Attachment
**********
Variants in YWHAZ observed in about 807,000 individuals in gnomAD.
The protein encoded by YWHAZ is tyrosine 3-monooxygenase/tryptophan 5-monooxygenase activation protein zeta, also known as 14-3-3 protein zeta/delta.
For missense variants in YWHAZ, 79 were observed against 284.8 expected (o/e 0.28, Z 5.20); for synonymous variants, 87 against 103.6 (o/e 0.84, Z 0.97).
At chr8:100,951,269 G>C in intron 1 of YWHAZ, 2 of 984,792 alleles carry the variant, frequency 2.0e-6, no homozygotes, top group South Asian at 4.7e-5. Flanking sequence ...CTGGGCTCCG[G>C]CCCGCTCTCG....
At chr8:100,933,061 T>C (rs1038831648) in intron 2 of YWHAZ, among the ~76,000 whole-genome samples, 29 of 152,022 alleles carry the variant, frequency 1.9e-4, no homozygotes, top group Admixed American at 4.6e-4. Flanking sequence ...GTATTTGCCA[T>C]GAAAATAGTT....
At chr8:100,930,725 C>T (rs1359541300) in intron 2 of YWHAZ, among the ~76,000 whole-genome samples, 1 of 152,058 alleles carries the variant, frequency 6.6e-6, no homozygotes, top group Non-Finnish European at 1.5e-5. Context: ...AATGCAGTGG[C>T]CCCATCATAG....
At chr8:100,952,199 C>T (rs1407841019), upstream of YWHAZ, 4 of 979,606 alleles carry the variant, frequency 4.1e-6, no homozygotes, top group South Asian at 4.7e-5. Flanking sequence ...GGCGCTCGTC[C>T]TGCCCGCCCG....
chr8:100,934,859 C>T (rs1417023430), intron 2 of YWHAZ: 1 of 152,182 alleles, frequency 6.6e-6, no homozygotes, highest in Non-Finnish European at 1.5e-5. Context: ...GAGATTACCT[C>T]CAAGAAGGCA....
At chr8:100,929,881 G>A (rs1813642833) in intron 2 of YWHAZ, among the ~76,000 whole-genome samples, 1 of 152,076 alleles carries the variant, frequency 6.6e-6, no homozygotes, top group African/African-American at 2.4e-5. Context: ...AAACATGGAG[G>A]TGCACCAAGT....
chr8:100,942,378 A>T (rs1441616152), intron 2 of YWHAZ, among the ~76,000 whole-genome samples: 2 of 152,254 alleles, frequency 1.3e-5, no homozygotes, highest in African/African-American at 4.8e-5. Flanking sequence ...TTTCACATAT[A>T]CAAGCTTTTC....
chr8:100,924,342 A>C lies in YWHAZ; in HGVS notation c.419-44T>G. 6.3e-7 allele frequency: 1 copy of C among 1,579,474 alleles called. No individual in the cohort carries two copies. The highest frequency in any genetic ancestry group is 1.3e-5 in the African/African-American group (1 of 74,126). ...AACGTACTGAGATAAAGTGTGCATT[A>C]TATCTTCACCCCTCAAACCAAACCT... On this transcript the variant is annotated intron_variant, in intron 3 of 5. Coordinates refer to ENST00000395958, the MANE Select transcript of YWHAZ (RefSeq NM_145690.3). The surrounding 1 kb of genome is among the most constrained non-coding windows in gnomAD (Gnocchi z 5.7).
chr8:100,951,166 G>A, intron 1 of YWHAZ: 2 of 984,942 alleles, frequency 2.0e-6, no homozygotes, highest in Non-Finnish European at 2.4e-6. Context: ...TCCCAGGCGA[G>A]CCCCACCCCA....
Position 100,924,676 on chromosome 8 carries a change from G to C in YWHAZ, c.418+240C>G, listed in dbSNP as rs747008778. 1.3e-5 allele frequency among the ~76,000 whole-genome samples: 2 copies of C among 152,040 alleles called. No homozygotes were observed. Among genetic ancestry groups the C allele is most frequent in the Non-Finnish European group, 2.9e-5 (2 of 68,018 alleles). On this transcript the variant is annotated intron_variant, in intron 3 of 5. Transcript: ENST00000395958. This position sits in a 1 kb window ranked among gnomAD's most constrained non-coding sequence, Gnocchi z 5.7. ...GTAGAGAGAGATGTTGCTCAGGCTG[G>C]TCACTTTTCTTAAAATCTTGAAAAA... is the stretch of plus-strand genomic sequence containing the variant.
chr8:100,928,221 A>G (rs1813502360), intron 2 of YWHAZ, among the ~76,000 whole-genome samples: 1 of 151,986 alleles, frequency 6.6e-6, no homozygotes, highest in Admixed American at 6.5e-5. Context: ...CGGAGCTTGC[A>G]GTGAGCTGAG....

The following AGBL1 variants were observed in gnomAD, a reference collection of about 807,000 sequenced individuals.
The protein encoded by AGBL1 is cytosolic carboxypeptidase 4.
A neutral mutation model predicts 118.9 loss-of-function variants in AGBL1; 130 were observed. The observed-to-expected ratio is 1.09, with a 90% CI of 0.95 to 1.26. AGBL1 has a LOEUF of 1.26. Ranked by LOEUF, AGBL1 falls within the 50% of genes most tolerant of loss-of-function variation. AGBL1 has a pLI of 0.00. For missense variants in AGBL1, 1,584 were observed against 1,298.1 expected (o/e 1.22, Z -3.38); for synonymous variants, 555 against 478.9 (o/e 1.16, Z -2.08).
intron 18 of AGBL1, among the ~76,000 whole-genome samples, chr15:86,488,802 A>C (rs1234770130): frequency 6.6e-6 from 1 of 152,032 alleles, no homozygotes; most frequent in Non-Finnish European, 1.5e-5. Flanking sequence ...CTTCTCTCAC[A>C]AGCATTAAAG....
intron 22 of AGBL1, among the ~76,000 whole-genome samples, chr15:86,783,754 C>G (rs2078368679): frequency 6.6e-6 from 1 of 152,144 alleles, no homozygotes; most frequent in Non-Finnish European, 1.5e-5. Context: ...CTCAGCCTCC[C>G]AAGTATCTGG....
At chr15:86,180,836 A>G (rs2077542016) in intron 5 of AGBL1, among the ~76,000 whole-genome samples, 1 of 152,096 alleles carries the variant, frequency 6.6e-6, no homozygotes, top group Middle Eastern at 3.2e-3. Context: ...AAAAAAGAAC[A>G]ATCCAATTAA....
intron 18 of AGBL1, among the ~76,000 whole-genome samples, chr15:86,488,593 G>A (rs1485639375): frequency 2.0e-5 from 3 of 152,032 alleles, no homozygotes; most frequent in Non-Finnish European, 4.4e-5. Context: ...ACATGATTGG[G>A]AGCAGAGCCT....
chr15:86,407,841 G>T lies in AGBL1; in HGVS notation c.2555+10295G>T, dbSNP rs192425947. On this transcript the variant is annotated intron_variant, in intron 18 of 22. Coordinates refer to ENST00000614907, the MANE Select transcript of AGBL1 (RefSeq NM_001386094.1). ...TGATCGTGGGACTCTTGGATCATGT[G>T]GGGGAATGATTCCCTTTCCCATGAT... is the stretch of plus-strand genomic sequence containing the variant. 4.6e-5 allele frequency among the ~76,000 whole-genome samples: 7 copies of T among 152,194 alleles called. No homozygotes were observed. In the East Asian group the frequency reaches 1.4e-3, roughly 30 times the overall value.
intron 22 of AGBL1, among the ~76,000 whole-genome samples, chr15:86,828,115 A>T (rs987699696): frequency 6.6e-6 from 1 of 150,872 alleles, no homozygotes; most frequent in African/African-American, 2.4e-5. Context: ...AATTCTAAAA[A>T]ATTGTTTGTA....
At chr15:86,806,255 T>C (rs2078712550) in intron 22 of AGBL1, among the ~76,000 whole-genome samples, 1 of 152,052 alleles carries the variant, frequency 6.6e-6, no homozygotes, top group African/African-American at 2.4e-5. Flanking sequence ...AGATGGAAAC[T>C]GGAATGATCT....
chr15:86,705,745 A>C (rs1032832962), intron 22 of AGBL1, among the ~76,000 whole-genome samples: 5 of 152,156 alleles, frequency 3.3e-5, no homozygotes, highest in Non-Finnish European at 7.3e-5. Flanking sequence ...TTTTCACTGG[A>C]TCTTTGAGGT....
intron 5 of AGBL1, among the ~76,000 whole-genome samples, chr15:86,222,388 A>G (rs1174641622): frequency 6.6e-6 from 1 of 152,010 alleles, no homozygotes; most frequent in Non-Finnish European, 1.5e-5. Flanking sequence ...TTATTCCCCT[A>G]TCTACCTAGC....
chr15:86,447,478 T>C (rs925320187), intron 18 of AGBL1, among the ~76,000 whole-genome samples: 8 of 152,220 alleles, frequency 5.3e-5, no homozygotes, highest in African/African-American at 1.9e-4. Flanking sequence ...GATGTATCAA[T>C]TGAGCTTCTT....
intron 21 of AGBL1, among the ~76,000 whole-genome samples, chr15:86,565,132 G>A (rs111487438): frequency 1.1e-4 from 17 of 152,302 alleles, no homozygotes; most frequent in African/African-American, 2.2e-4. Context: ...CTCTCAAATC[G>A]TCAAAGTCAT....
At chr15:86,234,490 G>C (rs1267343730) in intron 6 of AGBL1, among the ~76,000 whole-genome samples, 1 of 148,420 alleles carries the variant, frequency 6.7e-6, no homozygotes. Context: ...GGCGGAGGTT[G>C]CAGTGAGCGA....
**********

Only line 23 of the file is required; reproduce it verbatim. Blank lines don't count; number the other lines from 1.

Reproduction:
intron 22 of AGBL1, among the ~76,000 whole-genome samples, chr15:86,828,115 A>T (rs987699696): frequency 6.6e-6 from 1 of 150,872 alleles, no homozygotes; most frequent in African/African-American, 2.4e-5. Context: ...AATTCTAAAA[A>T]ATTGTTTGTA....